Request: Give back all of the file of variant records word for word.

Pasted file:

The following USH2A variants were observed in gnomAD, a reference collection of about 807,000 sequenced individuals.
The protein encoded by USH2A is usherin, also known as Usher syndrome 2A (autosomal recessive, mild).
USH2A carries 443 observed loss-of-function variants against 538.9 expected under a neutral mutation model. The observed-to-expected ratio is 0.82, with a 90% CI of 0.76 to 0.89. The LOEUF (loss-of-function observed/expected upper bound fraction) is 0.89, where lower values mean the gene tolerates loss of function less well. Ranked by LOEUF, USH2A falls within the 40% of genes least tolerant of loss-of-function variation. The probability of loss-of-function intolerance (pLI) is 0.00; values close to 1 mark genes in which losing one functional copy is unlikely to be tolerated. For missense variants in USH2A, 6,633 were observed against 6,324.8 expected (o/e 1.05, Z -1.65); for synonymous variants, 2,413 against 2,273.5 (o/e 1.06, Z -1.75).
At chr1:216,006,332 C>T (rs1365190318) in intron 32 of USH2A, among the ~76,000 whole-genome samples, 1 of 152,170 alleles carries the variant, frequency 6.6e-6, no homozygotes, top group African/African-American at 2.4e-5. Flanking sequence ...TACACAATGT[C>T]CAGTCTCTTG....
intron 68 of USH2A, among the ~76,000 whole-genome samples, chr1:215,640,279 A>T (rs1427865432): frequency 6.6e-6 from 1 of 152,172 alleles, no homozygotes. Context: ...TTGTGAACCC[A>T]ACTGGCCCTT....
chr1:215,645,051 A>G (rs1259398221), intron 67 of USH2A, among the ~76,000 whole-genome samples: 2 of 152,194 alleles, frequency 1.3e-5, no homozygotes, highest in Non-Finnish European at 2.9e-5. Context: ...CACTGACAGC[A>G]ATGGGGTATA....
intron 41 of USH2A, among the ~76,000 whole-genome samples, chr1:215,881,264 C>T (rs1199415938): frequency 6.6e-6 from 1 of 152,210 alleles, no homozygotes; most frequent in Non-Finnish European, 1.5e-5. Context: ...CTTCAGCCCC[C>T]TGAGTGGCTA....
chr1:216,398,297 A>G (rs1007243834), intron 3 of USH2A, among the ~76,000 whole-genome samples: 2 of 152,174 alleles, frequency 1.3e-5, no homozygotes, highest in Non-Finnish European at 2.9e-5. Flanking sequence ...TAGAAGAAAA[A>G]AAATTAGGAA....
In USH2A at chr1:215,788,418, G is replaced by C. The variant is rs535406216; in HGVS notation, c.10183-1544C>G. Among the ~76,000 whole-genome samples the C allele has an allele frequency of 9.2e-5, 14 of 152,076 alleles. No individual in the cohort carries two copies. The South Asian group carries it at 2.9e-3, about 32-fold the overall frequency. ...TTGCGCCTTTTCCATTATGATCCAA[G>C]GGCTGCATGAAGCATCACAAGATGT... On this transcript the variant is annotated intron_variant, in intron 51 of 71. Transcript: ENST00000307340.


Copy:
The following USH2A variants were observed in gnomAD, a reference collection of about 807,000 sequenced individuals.
The protein encoded by USH2A is usherin, also known as Usher syndrome 2A (autosomal recessive, mild).
USH2A carries 443 observed loss-of-function variants against 538.9 expected under a neutral mutation model. The observed-to-expected ratio is 0.82, with a 90% CI of 0.76 to 0.89. The LOEUF (loss-of-function observed/expected upper bound fraction) is 0.89, where lower values mean the gene tolerates loss of function less well. Ranked by LOEUF, USH2A falls within the 40% of genes least tolerant of loss-of-function variation. The probability of loss-of-function intolerance (pLI) is 0.00; values close to 1 mark genes in which losing one functional copy is unlikely to be tolerated. For missense variants in USH2A, 6,633 were observed against 6,324.8 expected (o/e 1.05, Z -1.65); for synonymous variants, 2,413 against 2,273.5 (o/e 1.06, Z -1.75).
At chr1:216,006,332 C>T (rs1365190318) in intron 32 of USH2A, among the ~76,000 whole-genome samples, 1 of 152,170 alleles carries the variant, frequency 6.6e-6, no homozygotes, top group African/African-American at 2.4e-5. Flanking sequence ...TACACAATGT[C>T]CAGTCTCTTG....
intron 68 of USH2A, among the ~76,000 whole-genome samples, chr1:215,640,279 A>T (rs1427865432): frequency 6.6e-6 from 1 of 152,172 alleles, no homozygotes. Context: ...TTGTGAACCC[A>T]ACTGGCCCTT....
chr1:215,645,051 A>G (rs1259398221), intron 67 of USH2A, among the ~76,000 whole-genome samples: 2 of 152,194 alleles, frequency 1.3e-5, no homozygotes, highest in Non-Finnish European at 2.9e-5. Context: ...CACTGACAGC[A>G]ATGGGGTATA....
intron 41 of USH2A, among the ~76,000 whole-genome samples, chr1:215,881,264 C>T (rs1199415938): frequency 6.6e-6 from 1 of 152,210 alleles, no homozygotes; most frequent in Non-Finnish European, 1.5e-5. Context: ...CTTCAGCCCC[C>T]TGAGTGGCTA....
chr1:216,398,297 A>G (rs1007243834), intron 3 of USH2A, among the ~76,000 whole-genome samples: 2 of 152,174 alleles, frequency 1.3e-5, no homozygotes, highest in Non-Finnish European at 2.9e-5. Flanking sequence ...TAGAAGAAAA[A>G]AAATTAGGAA....
In USH2A at chr1:215,788,418, G is replaced by C. The variant is rs535406216; in HGVS notation, c.10183-1544C>G. Among the ~76,000 whole-genome samples the C allele has an allele frequency of 9.2e-5, 14 of 152,076 alleles. No individual in the cohort carries two copies. The South Asian group carries it at 2.9e-3, about 32-fold the overall frequency. ...TTGCGCCTTTTCCATTATGATCCAA[G>C]GGCTGCATGAAGCATCACAAGATGT... On this transcript the variant is annotated intron_variant, in intron 51 of 71. Transcript: ENST00000307340.